In order to combat the Barbary pirates, the United States Navy built the USS Constitution, which was a 44 gun uss_constitution_v_hms_guerrierefrigate. It was first launched on this day, October 21, 1797, from Boston Harbor. The USS Constitution performed well fighting off pirates in the area, and in 1805, a peace treaty was signed on her deck. When the conflict was over, the ship returned and to its base in Boston. I’m sure the pirates knew full well, that it would return if needed. The ship didn’t have to go back and flex it’s muscle again…at least not there.

During the War of 1812, the USS Constitution won its nickname, Old Ironsides, after defeating the British warship, Guerriére in a furious battle off the coast of Nova Scotia. It was said that the British shots just bounced off the sides of the USS Constitution, as if they were made of iron, rather than wood, The Guerriére was thought to be invincible, but that was proven to be a fallacy. On the afternoon of 19 August 1812, about 400 miles southeast of Halifax, Nova Scotia, the Guerriére saw a sail in the distance, bearing down guerriereon them. It was the USS Constitution, so the Guerriére prepared for action. Captain James Dacres mustered 244 men and 19 boys, and set them to prepare for battle. When the enemy hoisted American colors, Captain Dacres permitted the Americans in his crew to quit their guns. When the fight was over, nine men were killed and thirteen were wounded. Captain Dacres surrendered his badly damaged ship in an effort to save the lives of the remaining crew, the crew were taken prisoner, and the crew of the USS Constitution set the ship on fire. That was the end of the Guerriére, and Old Ironsides was born. The USS Constitution was retired from service in 1881, and served as a receiving ship until designated a museum ship in 1907.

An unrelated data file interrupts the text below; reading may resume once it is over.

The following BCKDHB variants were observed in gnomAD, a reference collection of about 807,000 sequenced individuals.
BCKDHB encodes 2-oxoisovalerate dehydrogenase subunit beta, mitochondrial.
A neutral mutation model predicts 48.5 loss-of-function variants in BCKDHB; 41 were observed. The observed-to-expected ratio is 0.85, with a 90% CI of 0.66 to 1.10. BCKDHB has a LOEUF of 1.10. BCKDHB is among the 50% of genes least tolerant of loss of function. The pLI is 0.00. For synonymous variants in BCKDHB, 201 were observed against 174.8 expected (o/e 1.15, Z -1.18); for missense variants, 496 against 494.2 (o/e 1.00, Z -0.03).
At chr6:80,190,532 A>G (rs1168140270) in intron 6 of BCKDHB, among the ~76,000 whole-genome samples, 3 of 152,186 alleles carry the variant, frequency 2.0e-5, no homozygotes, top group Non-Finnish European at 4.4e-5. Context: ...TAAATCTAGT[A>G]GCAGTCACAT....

american-turtle-1When most of us think of submarines, we think of the modern day nuclear subs that are basically underwater mobile cities, but as we all know, submarines have been around a lot longer…just how long was a surprise to me, although a learned history buff might not have been shocked at all. The idea of being able to operate underwater, actually dates back to ancient times when people used a hollow stick to breathe underwater. I’m not sure how successful any of those early attempts were, especially in the use of a vehicle of some kind, but probably not successful enough to warrant any kind of mass production.